Rep. Bobby Rush, who represented Illinois 1st congressional district for the last 30 years, is set to retire, the Chicago Sun-Times reports.

Rush will not run for reelection after this year citing he wishes to spend more time with his grandchildren.

In a recent interview, Rush said he came to his decision after speaking with his 19-year-old grandson, Jonathan.

“I don’t want my grandchildren . . . to know me from a television news clip or something they read in a newspaper,” Rush said. “I want them to know me on an intimate level, know something about me, and I want to know something about them. I don’t want to be a historical figure to my grandchildren.”

Before his career in politics, Rush was a member of the Student Non-Violent Coordinating Committee and then helped found the Illinois Black Panther Party in the late 1960s. He’s been a civil rights and racial justice activist ever since.

In 1975, Rush was defeated in his first run for City Council. He became an alderman of the 2nd Ward in 1983 and held the position until he was elected to Congress in 1992. Also, he holds the distinction of being the only person to defeat Barack Obama in an election when the future president sought Rush’s seat in 2000.

Recently, Rush has introduced legislation to classify lynching as a federal hate crime and has pushed the federal government to reveal files related to the killing of Fred Hampton, a Black Panther leader who was targeted by an FBI informant and murdered by police in Chicago in 1969.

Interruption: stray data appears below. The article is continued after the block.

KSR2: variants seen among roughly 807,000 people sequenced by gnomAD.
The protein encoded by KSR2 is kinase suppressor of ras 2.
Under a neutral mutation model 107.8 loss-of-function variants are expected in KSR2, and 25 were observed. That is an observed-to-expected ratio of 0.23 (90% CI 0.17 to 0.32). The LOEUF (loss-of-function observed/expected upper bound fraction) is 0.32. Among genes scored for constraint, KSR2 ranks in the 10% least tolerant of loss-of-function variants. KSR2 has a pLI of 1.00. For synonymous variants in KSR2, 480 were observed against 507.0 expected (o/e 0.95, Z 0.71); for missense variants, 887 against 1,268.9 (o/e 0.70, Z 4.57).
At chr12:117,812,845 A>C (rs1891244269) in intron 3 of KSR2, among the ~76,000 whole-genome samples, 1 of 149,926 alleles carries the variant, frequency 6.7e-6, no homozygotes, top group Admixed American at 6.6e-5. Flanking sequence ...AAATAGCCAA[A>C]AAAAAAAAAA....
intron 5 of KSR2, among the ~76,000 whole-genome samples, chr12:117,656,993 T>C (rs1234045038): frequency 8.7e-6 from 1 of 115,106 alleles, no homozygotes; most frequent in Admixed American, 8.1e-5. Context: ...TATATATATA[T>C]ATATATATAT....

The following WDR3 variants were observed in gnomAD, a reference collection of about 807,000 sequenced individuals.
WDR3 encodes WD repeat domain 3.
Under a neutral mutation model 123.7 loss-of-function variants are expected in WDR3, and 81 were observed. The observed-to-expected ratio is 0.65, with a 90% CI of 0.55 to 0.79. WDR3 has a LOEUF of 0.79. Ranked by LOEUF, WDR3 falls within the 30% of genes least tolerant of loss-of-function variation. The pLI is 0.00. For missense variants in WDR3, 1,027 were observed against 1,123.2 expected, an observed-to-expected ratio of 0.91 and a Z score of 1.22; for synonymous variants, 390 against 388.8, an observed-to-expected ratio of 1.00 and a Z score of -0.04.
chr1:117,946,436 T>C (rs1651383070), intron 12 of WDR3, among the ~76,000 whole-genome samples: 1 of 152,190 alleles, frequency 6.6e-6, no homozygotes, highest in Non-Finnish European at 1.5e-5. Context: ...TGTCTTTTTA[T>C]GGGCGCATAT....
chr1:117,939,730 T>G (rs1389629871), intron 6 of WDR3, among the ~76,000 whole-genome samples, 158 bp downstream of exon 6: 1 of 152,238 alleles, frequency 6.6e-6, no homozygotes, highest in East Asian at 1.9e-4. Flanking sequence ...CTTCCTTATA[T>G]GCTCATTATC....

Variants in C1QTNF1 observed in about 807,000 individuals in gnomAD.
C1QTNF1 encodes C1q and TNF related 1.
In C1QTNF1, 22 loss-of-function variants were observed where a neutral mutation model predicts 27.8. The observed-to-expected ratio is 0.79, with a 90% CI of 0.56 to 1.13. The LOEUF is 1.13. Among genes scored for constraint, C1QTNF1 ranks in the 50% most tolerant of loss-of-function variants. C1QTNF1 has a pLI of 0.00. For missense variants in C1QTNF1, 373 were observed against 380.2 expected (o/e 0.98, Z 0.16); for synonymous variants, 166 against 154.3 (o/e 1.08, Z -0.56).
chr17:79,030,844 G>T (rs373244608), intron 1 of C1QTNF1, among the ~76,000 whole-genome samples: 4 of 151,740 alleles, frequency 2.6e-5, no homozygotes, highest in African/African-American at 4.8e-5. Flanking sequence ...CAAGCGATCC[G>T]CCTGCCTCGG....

An ordained minister, Rush is the pastor of the Beloved Community Christian Church of God in Christ in Chicago.

After his announcement, Rush is now the 24th House Democrat to announce that he will not run for reelection this year, making the Democrat’s chances to hold on to the majority in the House all the more challenging.

Rush also announced last week that he had tested positive for the coronavirus, despite being fully vaccinated and having received his booster shot.

“I am feeling fine and currently have no symptoms. . . . As COVID-19 cases rise and the Omicron variant spreads throughout the nation, I encourage everyone who has not yet done so to get vaccinated and get boosted as soon as possible,” Rush said in a statement.

Rush will give more details about his retirement and future plans at a news conference on Tuesday 11 a.m. CT at Roberts Temple Church of God in Christ in Chicago where the funeral for Emmett Till was held.